Also known as a popliteal cyst, a Baker’s cyst is a fluid-filled cyst that causes a bulge and feeling of tightness behind the knee. Though rare, a Baker’s cyst can potentially cause pain, especially when the knee is fully flexed or extended.
A Baker’s cyst is caused by a problem in the knee joint, such as arthritis or torn cartilage. The most common type of arthritis associated with Baker’s cyst is osteoarthritis. Both arthritis and cartilage tears can result in excessive fluid production and, in turn, lead to the development of a Baker’s cyst.
Patients who opt to visit our world-renowned facilities receive an unparalleled quality of service. The orthopedic surgeons at the Knee Surgery Center of Excellence are leading experts in their field, and we formulate individualized treatment plans for patients with all different types of knee conditions. Discover the La Peer experience first hand by contacting us at 888.429.6865.
How Are Baker’s Cysts Diagnosed?
During a physical exam, an orthopedic doctor will analyze the back of the knee for a cyst. Shining a light through the cyst can determine if the cyst is fluid filled. A test to determine the range of motion of the knee will also be administered. If the patient’s knee shows signs of catching, locking or pain, this may be an indication that there is a torn meniscus.
An x-ray will not show the Baker’s cyst or the tear, but may help to determine if arthritis or other problems are present. MRI’s can help the doctor to see the cyst and identify a torn meniscus.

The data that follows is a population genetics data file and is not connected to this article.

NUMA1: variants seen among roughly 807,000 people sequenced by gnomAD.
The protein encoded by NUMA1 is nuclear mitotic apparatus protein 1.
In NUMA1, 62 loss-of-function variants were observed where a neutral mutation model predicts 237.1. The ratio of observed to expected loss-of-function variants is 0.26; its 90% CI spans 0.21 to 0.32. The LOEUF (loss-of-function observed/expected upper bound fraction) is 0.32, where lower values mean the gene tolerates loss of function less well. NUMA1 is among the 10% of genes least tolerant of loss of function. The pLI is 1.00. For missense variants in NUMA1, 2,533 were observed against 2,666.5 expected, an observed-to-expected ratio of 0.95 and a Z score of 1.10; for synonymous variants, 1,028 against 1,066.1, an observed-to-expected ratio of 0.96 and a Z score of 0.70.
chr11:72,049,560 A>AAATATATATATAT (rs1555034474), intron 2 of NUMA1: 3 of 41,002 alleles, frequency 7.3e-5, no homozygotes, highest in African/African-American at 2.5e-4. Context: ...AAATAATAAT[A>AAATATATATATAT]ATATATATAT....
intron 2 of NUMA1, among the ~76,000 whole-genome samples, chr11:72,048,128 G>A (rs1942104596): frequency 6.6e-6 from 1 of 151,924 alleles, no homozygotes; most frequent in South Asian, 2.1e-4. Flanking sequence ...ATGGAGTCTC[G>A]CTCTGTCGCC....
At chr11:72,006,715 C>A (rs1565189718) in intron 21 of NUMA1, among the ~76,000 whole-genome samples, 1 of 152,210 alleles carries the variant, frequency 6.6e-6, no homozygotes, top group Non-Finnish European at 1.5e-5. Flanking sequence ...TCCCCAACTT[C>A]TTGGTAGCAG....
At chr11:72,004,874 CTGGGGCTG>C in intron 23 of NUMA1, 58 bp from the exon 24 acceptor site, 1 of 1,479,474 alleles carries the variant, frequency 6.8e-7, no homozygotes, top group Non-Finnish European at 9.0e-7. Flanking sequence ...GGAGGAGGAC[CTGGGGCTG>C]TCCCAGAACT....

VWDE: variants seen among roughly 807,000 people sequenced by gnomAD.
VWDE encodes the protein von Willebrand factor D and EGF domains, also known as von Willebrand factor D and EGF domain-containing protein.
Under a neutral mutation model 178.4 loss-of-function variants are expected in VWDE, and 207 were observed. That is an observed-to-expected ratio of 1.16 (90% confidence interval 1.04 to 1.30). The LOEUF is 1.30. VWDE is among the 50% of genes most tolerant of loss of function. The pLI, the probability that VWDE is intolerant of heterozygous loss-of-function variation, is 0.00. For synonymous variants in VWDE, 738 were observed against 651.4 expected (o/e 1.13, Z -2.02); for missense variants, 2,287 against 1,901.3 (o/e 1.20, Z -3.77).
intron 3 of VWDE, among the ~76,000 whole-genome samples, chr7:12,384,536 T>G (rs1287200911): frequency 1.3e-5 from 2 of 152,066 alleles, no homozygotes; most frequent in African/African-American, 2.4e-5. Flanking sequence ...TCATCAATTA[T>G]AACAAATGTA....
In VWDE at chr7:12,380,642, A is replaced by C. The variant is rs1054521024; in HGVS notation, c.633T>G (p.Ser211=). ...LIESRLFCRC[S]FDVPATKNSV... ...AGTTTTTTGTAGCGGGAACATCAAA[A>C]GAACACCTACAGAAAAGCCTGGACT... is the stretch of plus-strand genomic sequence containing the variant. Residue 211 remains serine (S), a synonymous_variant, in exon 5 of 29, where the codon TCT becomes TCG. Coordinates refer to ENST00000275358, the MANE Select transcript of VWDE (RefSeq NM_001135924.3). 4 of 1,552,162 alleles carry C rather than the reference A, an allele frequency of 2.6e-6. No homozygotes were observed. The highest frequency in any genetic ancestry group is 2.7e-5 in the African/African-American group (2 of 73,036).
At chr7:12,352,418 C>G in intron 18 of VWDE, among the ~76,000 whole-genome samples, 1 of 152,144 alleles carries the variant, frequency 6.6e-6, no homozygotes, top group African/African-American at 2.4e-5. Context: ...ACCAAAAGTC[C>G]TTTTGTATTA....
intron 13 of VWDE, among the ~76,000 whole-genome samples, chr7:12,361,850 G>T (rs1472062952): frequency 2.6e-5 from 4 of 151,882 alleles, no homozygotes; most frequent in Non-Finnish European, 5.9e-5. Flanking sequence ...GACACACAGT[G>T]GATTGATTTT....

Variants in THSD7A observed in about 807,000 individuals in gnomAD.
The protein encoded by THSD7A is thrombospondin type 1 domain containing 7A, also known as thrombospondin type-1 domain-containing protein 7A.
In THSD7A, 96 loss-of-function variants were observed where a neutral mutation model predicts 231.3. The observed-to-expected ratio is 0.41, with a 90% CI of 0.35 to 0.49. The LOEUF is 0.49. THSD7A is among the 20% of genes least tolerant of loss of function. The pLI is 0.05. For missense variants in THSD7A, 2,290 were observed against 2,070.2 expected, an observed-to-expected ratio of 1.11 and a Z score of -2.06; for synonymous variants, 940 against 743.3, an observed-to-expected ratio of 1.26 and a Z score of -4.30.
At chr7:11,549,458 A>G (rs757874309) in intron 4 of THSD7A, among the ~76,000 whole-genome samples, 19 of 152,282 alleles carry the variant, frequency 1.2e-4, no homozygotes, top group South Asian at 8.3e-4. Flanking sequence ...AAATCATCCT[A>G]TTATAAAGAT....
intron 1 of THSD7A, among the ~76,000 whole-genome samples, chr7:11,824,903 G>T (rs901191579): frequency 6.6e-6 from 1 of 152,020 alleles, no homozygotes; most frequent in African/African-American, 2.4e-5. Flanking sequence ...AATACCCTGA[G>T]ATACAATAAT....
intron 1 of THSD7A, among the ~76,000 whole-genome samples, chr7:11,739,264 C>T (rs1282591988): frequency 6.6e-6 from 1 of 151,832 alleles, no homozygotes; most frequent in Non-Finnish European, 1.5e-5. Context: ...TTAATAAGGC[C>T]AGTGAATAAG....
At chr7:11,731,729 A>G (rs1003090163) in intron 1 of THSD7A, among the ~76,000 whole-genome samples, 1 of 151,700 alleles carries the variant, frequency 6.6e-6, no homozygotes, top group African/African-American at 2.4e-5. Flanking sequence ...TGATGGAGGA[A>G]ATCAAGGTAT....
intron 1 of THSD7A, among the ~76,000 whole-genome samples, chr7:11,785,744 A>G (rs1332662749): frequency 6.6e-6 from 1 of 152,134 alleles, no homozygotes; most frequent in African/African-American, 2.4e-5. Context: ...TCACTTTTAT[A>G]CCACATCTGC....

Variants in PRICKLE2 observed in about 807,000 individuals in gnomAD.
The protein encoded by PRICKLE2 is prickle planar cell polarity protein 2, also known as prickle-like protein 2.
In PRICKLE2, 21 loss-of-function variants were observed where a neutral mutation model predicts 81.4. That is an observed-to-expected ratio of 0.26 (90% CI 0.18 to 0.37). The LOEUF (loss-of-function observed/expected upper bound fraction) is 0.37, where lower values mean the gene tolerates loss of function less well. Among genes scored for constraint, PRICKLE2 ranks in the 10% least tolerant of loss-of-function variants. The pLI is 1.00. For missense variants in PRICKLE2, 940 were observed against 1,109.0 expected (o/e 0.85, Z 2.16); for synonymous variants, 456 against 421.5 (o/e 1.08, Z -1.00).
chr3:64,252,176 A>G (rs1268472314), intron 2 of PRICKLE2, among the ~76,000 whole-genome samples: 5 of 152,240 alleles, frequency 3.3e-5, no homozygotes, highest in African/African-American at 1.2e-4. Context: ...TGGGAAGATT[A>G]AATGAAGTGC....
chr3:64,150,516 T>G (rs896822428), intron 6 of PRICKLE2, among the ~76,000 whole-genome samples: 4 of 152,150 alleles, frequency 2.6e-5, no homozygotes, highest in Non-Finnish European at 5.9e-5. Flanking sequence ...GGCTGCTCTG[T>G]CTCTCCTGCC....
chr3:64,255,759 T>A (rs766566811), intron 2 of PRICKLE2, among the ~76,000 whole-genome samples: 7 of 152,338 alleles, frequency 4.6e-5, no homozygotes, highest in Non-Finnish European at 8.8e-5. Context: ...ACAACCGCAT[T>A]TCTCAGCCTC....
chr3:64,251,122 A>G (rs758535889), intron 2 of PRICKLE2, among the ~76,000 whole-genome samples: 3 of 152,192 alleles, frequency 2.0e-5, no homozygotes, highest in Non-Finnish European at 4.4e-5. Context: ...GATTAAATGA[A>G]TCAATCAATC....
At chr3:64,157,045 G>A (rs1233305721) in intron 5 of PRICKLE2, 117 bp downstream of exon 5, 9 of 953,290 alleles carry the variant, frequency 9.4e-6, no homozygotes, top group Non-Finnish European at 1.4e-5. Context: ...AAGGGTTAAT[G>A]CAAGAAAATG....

What Is the Treatment?
In many cases, no treatment is required for a Baker’s cyst. The doctor will watch the cyst over time to determine if there are any changes. Often rest and elevation of the leg are all that is required. Over the counter pain medications or anti-inflammatory medications may be used to help soothe pain. In some cases, the cyst will be drained in conjunction with the administration of cortisone injections. In rare cases when the cyst becomes too large, it will be surgically removed.
If the cyst is painful, then the goal will be to treat the cause of the cyst, such as a meniscus tear or arthritis. If the underlying cause of the Baker’s cyst is not addressed, there is a high probability of it returning.
A surgical procedure to remove the swollen tissue that leads to the cyst formation may be required. This is most commonly done through arthroscopic surgery, during which the internal structure of the joint is examined by inserting a viewing instrument called an arthroscope into a small incision in the knee.
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Outlook for Recovery
The outlook for patients who have a Baker’s cyst is very good. Though pain may be an issue for some, there is little risk of long-term disability and most patients will improve with time and/or arthroscopic surgery.
Baker’s Cyst FAQ’s
Q: Who is typically affected by Baker’s cysts?
A: One in three people with an existing knee problem are likely to develop a Baker’s cyst. Baker’s cysts are most common in children between 4 and 7 and adults ages 35 to 70.
Q: Does being overweight affect the chances of getting a Baker’s cyst?
A: Weight is irrelevant. No studies show Baker’s cyst being more common in overweight patients.
Q: If I receive cortisone injections, what side effects may I experience?
A: The most common side effect of cortisone injections is the “cortisone flare,” a condition in which numbing medication given with a cortisone shot has not kicked in and causes a brief period of pain. Another common side effect is whitening of the skin where injections are given superficially, which is only a concern in patients with darker skin.
Contact a Knee Surgeon in Los Angeles
The Knee Surgery Center of Excellence at La Peer Health Systems in Los Angeles boasts some of the most renowned orthopedic surgeons in the country. We utilize the latest and most effective procedures when treating Baker’s cysts. To schedule a consultation with one of our talented knee surgeons, call 888.429.6865 or fill out our contact form.
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